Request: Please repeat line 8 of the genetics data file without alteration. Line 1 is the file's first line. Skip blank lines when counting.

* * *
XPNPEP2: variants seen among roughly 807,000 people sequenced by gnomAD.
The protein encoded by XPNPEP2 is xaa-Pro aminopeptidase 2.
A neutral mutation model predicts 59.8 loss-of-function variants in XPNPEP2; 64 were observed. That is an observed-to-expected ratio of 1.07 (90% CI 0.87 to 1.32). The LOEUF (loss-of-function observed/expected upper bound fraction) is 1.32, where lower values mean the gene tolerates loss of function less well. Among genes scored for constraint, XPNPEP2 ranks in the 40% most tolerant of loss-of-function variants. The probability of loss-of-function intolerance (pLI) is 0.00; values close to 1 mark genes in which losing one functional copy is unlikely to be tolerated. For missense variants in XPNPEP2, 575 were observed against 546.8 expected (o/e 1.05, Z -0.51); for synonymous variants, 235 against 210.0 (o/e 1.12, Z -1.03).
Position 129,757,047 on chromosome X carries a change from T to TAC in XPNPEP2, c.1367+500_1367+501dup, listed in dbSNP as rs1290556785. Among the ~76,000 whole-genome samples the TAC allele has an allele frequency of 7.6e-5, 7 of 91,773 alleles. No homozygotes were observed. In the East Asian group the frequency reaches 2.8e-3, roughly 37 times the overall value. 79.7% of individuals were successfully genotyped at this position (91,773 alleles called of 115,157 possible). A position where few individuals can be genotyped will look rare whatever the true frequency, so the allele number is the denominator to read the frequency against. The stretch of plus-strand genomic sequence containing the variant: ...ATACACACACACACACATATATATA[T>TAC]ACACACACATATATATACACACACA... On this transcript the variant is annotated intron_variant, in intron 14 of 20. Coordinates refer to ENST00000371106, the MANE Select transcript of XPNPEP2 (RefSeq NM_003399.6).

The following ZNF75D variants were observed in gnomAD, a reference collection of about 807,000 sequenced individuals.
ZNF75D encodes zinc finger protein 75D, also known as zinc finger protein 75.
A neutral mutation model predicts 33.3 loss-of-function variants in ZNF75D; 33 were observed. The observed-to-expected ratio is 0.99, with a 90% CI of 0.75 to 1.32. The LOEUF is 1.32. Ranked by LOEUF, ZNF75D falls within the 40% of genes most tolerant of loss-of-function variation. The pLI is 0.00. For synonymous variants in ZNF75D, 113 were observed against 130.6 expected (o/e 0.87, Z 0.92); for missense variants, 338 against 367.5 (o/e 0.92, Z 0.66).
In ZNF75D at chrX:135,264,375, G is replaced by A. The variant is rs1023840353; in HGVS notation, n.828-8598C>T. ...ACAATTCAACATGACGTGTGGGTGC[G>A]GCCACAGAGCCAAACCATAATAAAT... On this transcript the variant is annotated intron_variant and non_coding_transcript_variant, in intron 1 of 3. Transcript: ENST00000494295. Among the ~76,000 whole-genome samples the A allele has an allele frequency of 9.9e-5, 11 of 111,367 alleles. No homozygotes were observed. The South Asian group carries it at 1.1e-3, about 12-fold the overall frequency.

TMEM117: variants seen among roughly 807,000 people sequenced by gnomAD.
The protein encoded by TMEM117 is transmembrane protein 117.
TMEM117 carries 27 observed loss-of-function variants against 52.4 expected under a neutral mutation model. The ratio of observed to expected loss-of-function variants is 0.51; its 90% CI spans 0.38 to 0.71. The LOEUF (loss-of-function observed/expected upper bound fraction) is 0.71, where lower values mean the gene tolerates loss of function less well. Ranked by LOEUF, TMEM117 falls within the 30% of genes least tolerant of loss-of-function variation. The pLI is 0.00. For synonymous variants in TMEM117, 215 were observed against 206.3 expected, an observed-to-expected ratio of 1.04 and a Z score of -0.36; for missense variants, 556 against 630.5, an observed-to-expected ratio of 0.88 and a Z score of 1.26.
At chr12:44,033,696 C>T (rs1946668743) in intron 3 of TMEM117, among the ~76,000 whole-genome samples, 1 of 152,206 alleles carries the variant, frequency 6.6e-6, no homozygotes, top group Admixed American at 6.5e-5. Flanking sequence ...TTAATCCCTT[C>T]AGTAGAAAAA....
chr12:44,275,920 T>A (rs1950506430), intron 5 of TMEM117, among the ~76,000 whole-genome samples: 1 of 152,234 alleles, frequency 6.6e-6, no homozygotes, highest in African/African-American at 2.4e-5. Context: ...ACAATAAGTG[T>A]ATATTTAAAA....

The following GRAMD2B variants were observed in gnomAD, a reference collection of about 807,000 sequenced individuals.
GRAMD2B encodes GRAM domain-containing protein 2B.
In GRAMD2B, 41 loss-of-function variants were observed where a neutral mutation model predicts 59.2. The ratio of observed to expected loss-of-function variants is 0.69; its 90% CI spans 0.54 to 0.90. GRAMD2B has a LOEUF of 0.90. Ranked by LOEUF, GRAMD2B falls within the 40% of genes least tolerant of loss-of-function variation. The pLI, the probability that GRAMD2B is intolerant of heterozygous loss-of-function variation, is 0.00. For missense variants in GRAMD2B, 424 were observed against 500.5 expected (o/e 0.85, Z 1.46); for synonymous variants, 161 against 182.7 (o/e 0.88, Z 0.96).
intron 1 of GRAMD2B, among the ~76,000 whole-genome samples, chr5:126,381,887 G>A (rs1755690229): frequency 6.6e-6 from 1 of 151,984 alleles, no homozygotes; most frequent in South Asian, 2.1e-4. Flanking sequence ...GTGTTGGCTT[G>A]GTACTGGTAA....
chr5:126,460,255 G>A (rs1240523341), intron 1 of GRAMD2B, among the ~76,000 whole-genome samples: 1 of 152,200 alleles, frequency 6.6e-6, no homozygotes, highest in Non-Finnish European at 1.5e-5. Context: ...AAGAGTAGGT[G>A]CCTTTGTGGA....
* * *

In ZNF75D at chrX:135,264,375, G is replaced by A. The variant is rs1023840353; in HGVS notation, n.828-8598C>T. ...ACAATTCAACATGACGTGTGGGTGC[G>A]GCCACAGAGCCAAACCATAATAAAT... On this transcript the variant is annotated intron_variant and non_coding_transcript_variant, in intron 1 of 3. Transcript: ENST00000494295. Among the ~76,000 whole-genome samples the A allele has an allele frequency of 9.9e-5, 11 of 111,367 alleles. No homozygotes were observed. The South Asian group carries it at 1.1e-3, about 12-fold the overall frequency.